Our students have joined a group of 99 students in 14 schools of social work across 11 states who are participating. We’re all working to build capacity among the community agencies — like schools, courts and public health agencies — with which social workers often partner. The goal is to improve knowledge about preventing intimate partner violence and support the use of evidence-based intervention for survivors. We also provide stipends to students serving at local nonprofits where they are dedicated to disrupting gender-based violence.
Your primary research focus consists of developing and evaluating interventions for particularly vulnerable survivors of interpersonal violence, including Latine survivors and youth. Can you tell us about a related research project you’ve been working on lately?
I’m working with my colleague Tonya Van Deinse, research associate professor, on what we call an evaluability assessment and formative evaluation of co-located models for serving people who have experienced intimate partner and sexual violence, including family justice centers. Let me explain: In essence, we are trying to (1) determine if it is possible to evaluate these types of centers, (2) identify the best ways to evaluate these centers and (3) test approaches and tools for evaluating co-located centers and their approach to service delivery.
Often, survivors of intimate partner violence interact with multiple resources for support. They might start at a domestic violence agency; interface with a law enforcement officer to report the crime; seek a protective order from a clerk of the court; and go to a hospital to be examined by a nurse, for example. The complexity of this model can be burdensome.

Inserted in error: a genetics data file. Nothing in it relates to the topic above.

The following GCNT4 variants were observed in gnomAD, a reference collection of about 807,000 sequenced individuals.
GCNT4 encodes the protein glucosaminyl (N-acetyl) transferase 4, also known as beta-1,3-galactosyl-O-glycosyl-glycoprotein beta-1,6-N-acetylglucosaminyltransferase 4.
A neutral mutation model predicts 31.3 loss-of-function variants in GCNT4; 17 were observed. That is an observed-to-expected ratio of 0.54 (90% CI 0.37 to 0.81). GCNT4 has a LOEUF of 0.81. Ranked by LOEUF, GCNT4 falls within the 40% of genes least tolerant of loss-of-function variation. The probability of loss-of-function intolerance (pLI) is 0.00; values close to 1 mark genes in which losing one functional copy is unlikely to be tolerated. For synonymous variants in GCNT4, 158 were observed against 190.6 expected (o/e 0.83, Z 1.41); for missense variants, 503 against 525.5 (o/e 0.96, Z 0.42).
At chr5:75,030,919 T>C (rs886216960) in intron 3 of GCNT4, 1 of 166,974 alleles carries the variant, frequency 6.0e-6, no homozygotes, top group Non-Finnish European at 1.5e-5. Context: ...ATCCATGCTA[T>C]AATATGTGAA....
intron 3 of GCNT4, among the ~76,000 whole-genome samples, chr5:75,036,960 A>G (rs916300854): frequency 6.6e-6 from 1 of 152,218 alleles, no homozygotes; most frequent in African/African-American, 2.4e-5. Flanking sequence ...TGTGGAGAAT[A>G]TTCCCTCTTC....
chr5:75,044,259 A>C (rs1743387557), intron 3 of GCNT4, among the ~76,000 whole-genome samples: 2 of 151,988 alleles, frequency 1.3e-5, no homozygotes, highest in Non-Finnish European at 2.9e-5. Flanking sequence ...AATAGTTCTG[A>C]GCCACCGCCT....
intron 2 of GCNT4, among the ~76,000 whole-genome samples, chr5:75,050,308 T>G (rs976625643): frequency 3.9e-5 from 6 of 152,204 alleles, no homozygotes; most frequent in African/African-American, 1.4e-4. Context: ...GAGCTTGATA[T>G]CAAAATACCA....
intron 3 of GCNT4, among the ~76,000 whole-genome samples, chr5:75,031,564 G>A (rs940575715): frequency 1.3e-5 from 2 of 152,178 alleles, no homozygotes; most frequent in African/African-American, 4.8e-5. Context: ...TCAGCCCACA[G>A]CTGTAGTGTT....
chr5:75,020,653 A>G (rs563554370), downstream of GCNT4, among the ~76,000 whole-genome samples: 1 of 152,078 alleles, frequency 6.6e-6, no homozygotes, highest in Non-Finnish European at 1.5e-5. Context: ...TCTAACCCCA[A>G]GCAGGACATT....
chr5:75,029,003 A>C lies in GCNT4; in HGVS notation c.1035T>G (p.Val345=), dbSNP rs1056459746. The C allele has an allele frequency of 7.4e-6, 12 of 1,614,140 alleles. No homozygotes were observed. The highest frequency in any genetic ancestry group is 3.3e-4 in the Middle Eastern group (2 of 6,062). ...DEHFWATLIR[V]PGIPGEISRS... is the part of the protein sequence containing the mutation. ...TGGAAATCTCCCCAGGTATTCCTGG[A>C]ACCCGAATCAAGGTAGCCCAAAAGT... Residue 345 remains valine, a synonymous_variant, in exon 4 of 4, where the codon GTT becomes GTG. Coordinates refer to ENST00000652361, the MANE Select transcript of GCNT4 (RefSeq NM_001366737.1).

Co-located models such as family justice centers bring crisis, law enforcement, legal, medical and other service agencies under one roof to provide a one-stop service for survivors. The theory is that more coordination leads to better wraparound services and better outcomes. It’s a model that has seen some growth in our state and continues to interest policymakers and practitioners alike.
Does the theory bear out in practice? Although anecdotal and preliminary evidence is promising, I’d say more research is needed. These models are complicated and hard to evaluate.
We’re currently working with eight co-located centers across North Carolina on pilot strategies and tools to help them evaluate their services in Alamance, Buncombe, Gaston, Guilford, Henderson, Mecklenburg and Wake counties. We look forward to launching phase two of this project in the coming months.
As Gov. Cooper said in his proclamation, “Working together, we can raise awareness and break the cycle of violence in order to build safer communities for all.” I believe in that goal, and in evidence-based research that will help us improve our prevention and intervention efforts.
If you or a loved one are experiencing intimate partner abuse, these resources are available.
- Compass Center for Women and Families
- Orange County Rape Crisis Center
- UNC Hospital’s Beacon Program
- National Coalition Against Domestic Violence
- National Resource Center on Domestic Violence
- The National Domestic Violence Hotline
- Futures Without Violence